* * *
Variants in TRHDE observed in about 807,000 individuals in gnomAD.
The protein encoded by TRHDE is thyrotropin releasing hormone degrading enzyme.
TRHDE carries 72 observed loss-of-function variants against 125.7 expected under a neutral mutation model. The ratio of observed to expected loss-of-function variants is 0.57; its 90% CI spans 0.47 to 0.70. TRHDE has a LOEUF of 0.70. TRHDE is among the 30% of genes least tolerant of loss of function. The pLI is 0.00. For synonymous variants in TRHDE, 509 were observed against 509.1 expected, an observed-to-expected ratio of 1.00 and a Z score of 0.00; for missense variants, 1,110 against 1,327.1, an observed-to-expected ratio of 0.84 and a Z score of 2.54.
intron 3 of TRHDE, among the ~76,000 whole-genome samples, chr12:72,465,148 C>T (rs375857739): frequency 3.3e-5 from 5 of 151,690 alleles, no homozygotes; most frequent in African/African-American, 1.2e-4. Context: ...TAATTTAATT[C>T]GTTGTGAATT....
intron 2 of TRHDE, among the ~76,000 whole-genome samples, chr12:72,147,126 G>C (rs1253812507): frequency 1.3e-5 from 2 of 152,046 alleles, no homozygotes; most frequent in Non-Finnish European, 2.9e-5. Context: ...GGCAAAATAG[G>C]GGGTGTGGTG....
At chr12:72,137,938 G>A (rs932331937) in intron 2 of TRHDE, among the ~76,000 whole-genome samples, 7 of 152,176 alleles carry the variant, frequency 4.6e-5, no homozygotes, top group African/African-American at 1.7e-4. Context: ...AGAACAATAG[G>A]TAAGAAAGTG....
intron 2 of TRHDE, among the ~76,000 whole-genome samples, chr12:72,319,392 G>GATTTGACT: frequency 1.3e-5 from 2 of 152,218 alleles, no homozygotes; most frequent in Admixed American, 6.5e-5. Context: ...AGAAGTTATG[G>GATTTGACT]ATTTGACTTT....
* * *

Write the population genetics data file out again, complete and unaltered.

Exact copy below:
Variants in TRHDE observed in about 807,000 individuals in gnomAD.
The protein encoded by TRHDE is thyrotropin releasing hormone degrading enzyme.
TRHDE carries 72 observed loss-of-function variants against 125.7 expected under a neutral mutation model. The ratio of observed to expected loss-of-function variants is 0.57; its 90% CI spans 0.47 to 0.70. TRHDE has a LOEUF of 0.70. TRHDE is among the 30% of genes least tolerant of loss of function. The pLI is 0.00. For synonymous variants in TRHDE, 509 were observed against 509.1 expected, an observed-to-expected ratio of 1.00 and a Z score of 0.00; for missense variants, 1,110 against 1,327.1, an observed-to-expected ratio of 0.84 and a Z score of 2.54.
intron 3 of TRHDE, among the ~76,000 whole-genome samples, chr12:72,465,148 C>T (rs375857739): frequency 3.3e-5 from 5 of 151,690 alleles, no homozygotes; most frequent in African/African-American, 1.2e-4. Context: ...TAATTTAATT[C>T]GTTGTGAATT....
intron 2 of TRHDE, among the ~76,000 whole-genome samples, chr12:72,147,126 G>C (rs1253812507): frequency 1.3e-5 from 2 of 152,046 alleles, no homozygotes; most frequent in Non-Finnish European, 2.9e-5. Context: ...GGCAAAATAG[G>C]GGGTGTGGTG....
At chr12:72,137,938 G>A (rs932331937) in intron 2 of TRHDE, among the ~76,000 whole-genome samples, 7 of 152,176 alleles carry the variant, frequency 4.6e-5, no homozygotes, top group African/African-American at 1.7e-4. Context: ...AGAACAATAG[G>A]TAAGAAAGTG....
intron 2 of TRHDE, among the ~76,000 whole-genome samples, chr12:72,319,392 G>GATTTGACT: frequency 1.3e-5 from 2 of 152,218 alleles, no homozygotes; most frequent in Admixed American, 6.5e-5. Context: ...AGAAGTTATG[G>GATTTGACT]ATTTGACTTT....